UK: After robots cooking meals, Cambridge experts make one taste food

It has been trained to taste food at different stages of the chewing process

Photos & video: University of Cambridge
Photos & video: University of Cambridge
File photo used for illustrative purposes
File photo used for illustrative purposes

By Prasun Sonwalkar

Published: Wed 4 May 2022, 4:53 PM

Last updated: Wed 4 May 2022, 8:05 PM

Robots involved in cooking meals or in various stages of food preparation is not new, but experts from the University of Cambridge said on Wednesday that a robot ‘chef’ has been trained to taste food at different stages of the chewing process to assess whether it is sufficiently seasoned.

The researchers trained their robot chef to assess the saltiness of a dish at different stages of the chewing process, imitating a similar process in humans. Their results could be useful in the development of automated or semi-automated food preparation by helping robots to learn what tastes good and what doesn’t, making them better cooks, the university said.

When we chew food, we notice a change in texture and taste. For example, biting into a fresh tomato at the height of summer will release juices, and as we chew, releasing both saliva and digestive enzymes, our perception of the tomato’s flavour will change.

The robot chef, which has already been trained to make omelettes based on human taster’s feedback, tasted nine different variations of a simple dish of scrambled eggs and tomatoes at three different stages of the chewing process, and produced ‘taste maps’ of the different dishes.

The researchers found that this ‘taste as you go’ approach significantly improved the robot’s ability to quickly and accurately assess the saltiness of the dish over other electronic tasting technologies, which only test a single homogenised sample.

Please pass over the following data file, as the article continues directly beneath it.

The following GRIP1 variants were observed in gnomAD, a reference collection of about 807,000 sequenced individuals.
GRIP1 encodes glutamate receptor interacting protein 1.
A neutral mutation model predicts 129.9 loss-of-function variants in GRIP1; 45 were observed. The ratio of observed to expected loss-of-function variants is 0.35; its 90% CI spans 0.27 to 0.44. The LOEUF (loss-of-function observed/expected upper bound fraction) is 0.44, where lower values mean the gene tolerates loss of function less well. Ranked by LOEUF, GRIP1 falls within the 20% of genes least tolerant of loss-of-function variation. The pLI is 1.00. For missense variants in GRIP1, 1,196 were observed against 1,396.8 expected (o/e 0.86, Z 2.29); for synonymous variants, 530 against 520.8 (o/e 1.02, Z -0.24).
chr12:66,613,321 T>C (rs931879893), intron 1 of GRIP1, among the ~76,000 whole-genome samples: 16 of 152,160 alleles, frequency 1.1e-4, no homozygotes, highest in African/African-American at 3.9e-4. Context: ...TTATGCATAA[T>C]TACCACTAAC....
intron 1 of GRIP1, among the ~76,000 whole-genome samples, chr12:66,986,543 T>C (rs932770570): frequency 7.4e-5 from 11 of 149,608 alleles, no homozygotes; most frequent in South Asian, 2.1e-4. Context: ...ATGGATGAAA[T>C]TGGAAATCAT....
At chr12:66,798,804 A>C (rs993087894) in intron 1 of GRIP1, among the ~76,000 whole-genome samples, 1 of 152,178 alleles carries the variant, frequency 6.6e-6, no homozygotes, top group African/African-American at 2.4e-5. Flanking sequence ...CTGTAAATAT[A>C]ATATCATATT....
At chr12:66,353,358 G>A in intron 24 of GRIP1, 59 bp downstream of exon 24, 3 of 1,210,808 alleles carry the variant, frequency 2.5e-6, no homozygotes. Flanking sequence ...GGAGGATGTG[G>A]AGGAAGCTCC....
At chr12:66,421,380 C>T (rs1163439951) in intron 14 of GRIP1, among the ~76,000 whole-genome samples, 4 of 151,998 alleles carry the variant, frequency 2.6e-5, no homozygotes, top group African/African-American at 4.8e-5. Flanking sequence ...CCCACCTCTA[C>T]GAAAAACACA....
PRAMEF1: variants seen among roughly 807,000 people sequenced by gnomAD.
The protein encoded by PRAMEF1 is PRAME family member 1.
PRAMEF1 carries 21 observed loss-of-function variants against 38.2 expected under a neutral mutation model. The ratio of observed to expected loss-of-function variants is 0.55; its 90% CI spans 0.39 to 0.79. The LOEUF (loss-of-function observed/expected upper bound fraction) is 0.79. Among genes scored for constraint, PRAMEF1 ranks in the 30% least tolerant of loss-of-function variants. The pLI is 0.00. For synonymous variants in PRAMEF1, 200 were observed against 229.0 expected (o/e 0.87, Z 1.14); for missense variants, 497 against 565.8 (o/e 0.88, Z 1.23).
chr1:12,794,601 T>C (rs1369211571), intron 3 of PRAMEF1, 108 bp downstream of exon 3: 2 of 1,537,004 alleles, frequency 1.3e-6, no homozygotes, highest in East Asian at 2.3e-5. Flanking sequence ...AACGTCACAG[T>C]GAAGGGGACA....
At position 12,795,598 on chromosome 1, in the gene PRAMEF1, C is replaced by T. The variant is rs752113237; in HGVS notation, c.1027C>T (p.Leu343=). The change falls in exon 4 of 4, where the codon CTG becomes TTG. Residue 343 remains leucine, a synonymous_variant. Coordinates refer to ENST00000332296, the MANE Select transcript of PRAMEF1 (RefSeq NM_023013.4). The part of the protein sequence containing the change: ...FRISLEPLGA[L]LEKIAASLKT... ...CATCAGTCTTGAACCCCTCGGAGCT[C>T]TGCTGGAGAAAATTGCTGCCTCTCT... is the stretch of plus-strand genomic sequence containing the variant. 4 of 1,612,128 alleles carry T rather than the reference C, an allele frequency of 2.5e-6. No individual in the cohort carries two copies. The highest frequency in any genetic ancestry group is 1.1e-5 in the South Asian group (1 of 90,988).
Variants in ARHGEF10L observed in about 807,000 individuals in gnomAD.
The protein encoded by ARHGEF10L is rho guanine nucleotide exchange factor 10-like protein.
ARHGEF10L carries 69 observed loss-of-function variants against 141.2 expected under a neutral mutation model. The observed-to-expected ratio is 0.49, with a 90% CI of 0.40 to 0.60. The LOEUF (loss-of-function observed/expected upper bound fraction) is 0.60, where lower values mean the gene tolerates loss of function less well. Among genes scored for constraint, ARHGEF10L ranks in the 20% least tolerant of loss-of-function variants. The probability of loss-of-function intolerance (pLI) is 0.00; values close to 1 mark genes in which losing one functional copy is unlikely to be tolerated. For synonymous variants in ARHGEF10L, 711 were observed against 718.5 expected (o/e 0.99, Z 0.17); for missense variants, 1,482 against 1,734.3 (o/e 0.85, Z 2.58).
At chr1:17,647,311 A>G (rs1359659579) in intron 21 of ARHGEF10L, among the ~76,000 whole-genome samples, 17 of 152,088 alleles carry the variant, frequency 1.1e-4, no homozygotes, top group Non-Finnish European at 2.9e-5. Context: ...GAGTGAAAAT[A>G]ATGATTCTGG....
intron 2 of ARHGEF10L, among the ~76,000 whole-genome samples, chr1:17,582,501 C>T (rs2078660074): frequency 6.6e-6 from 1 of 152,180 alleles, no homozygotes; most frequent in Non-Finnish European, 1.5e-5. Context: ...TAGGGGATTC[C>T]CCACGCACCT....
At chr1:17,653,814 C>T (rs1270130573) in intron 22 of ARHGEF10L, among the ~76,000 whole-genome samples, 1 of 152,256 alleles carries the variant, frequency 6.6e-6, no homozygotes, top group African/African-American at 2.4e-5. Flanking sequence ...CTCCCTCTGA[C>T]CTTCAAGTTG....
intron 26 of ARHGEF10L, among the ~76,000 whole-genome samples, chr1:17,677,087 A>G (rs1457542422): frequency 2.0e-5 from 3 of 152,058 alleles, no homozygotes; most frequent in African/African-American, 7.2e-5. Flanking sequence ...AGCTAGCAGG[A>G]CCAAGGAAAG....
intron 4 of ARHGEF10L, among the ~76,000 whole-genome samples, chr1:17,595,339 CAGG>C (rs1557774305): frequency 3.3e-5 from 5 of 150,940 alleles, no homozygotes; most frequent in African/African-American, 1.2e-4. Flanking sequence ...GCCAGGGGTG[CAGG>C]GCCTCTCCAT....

The results have been reported in the journal Frontiers in Robotics & AI.

“Most home cooks will be familiar with the concept of tasting as you go – checking a dish throughout the cooking process to check whether the balance of flavours is right,” said Grzegorz Sochacki from Cambridge’s Department of Engineering, the paper’s first author. “If robots are to be used for certain aspects of food preparation, it’s important that they are able to ‘taste’ what they’re cooking.”

“When we taste, the process of chewing also provides continuous feedback to our brains,” said co-author Arsen Abdulali, also from the Department of Engineering. “Current methods of electronic testing only take a single snapshot from a homogenised sample, so we wanted to replicate a more realistic process of chewing and tasting in a robotic system, which should result in a tastier end product.”

To imitate the human process of chewing and tasting in their robot chef, the researchers attached a conductance probe, which acts as a salinity sensor, to a robot arm. They prepared scrambled eggs and tomatoes, varying the number of tomatoes and the amount of salt in each dish. Using the probe, the robot ‘tasted’ the dishes in a grid-like fashion, returning a reading in just a few seconds.

To imitate the change in texture caused by chewing, the team then put the egg mixture in a blender and had the robot test the dish again. The different readings at different points of ‘chewing’ produced taste maps of each dish.

Their results showed a significant improvement in the ability of robots to assess saltiness over other electronic tasting methods, which are often time-consuming and only provide a single reading.

The research was supported in part by Beko plc and the Engineering and Physical Sciences Research Council, part of UK Research and Innovation.


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